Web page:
A set of proposed changes to the Prospect Park loop in Brooklyn would radically change its current design, reducing the space for cars to a single lane and creating two separate, dedicated lanes: one for pedestrians and one for bicycles.
The changes, to be unveiled on Tuesday, came in response to a series of collisions between pedestrians and cyclists, and amid growing rancor over how to balance the interests of the 10 million people who crowd into Prospect Park each year. The debate intensified last fall after a pair of severe accidents left two women with brain injuries.
“We decided that the only workable solution was for each group to have a lane and only one lane, throughout the day,” said Emily Lloyd, the Prospect Park administrator and the leader of thetask force of city agencies and park users that developed the proposal. She said the goal of the Prospect Park Road Sharing Task Force had been to increase safety by making the drive, which is 3.3 miles long, more predictable and easier for pedestrians to cross. “There was consensus — I would say enthusiastic consensus,” Ms. Lloyd said.
Under the proposal, the center lane, which is now used by motorists during morning and evening rush hours and by bicyclists at other times, would be for bicycles all day. (Car traffic is allowed from 7 a.m. to 9 a.m. on the East Drive, and from 5 p.m. to 7 p.m. on the West Drive.) The left lane, which is currently divided between pedestrians and bicyclists during the rush hours, would be for pedestrians. And the right lane would be the only place for vehicular traffic: individual drivers when the park is open to cars, and parks department and other working vehicles in the off hours.
Ms. Lloyd anticipates a harsh reaction from drivers when the proposal is announced at the Tuesday meeting, especially from those who chafed at losing a lane of traffic when a bike lane was added to Prospect Park West two summers ago. But she urged drivers not to rush to judgment.
The Transportation Department has said it expected the task force recommendations to be put into effect this spring.
The task force, with 14 members, included community groups, cyclists and pedestrian advocates as well as the New York Police Department and Transportation Department, which provided models to assess the effects on traffic in and around the park. Drivers were not officially represented.
“Because we did not see this as an issue of cars in the park, we did not have a specific group representing cars,” Ms. Lloyd said, adding that local politicians with representatives on the task force, including Marty Markowitz, the Brooklyn borough president, and Brad Lander, a member of the City Council, had stood up for the interests of all their constituents, including car owners.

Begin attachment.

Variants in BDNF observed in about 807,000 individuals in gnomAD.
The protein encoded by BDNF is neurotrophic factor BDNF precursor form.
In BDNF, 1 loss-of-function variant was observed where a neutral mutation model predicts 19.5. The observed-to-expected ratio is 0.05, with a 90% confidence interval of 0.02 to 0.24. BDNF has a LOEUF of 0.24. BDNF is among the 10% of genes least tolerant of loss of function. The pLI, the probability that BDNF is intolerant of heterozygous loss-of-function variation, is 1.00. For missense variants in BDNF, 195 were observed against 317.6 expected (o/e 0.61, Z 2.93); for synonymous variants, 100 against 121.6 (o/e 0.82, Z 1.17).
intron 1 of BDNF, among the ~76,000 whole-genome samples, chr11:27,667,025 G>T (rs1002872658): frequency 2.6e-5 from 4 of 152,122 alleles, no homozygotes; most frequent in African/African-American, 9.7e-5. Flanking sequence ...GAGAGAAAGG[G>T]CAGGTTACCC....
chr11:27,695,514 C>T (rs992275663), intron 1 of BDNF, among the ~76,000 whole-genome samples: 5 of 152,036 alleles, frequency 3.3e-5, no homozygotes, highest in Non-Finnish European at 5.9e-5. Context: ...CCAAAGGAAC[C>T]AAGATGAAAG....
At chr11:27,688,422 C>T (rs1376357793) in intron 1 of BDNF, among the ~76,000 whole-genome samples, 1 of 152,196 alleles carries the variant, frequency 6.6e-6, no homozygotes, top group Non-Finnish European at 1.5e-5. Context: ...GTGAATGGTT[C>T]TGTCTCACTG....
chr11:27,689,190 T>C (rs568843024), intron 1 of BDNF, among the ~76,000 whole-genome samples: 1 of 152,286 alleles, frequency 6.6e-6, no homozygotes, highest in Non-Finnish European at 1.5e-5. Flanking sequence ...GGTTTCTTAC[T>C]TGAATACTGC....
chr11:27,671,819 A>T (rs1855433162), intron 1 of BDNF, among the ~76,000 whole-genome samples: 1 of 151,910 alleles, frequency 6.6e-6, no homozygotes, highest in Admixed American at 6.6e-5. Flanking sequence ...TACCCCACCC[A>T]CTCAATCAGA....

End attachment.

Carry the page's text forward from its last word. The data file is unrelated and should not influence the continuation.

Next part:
Mr. Lander said in an e-mail on Monday that he supported the task force’s recommendations, but Mr. Markowitz was more measured in his assessment, noting that car traffic could be displaced onto neighboring streets.
“I certainly applaud any changes that will make Prospect Park safer for all,” he said in a statement. “But it’s also important to keep in mind that none of the accidents that spurred the creation of this task force involved an automobile, so I am not convinced these changes are the solution.”
The lanes would become narrower for cars and bikes, with the right lane adding a three-foot shoulder, leaving 10 feet for driving, down from 12 feet. The center lane would go from 11 feet to 10 feet and include separate painted bike lanes for children and fast riders. The pedestrian lane would remain 14 feet wide.
At the meeting on Tuesday, Ms. Lloyd said, she would present a study that modeled the effect of reducing the number of car lanes on traffic in the park during the morning and evening rush.
Roughly 700 cars currently use the park drive each hour in the morning, creating what the task force calls “free-flow operations” of the kind that occurs “frequently in rural areas, and generally in car advertisements.” By pushing that traffic into one lane, the study found there would be about a six- or seven-second delay added to the trip through the park.
During the evening commute, use of the park drive is much lower (about 250 cars per hour) and the delay would be about a second, according to models by the Department of Transportation, Ms. Lloyd said.
In the past months, the police have stepped up enforcement on the loop, ticketing cyclists for running red lights or riding the wrong way on the park drive. During a period from late November, after the task force held its last public hearing, until mid-December, park officers and the police issued 102 tickets to cyclists for running red lights, and 49 tickets for going the wrong way.
“It’s a long undertaking of training people,” Ms. Lloyd said. “These are trade-offs, but I think this is a really good compromise: one use, one lane.”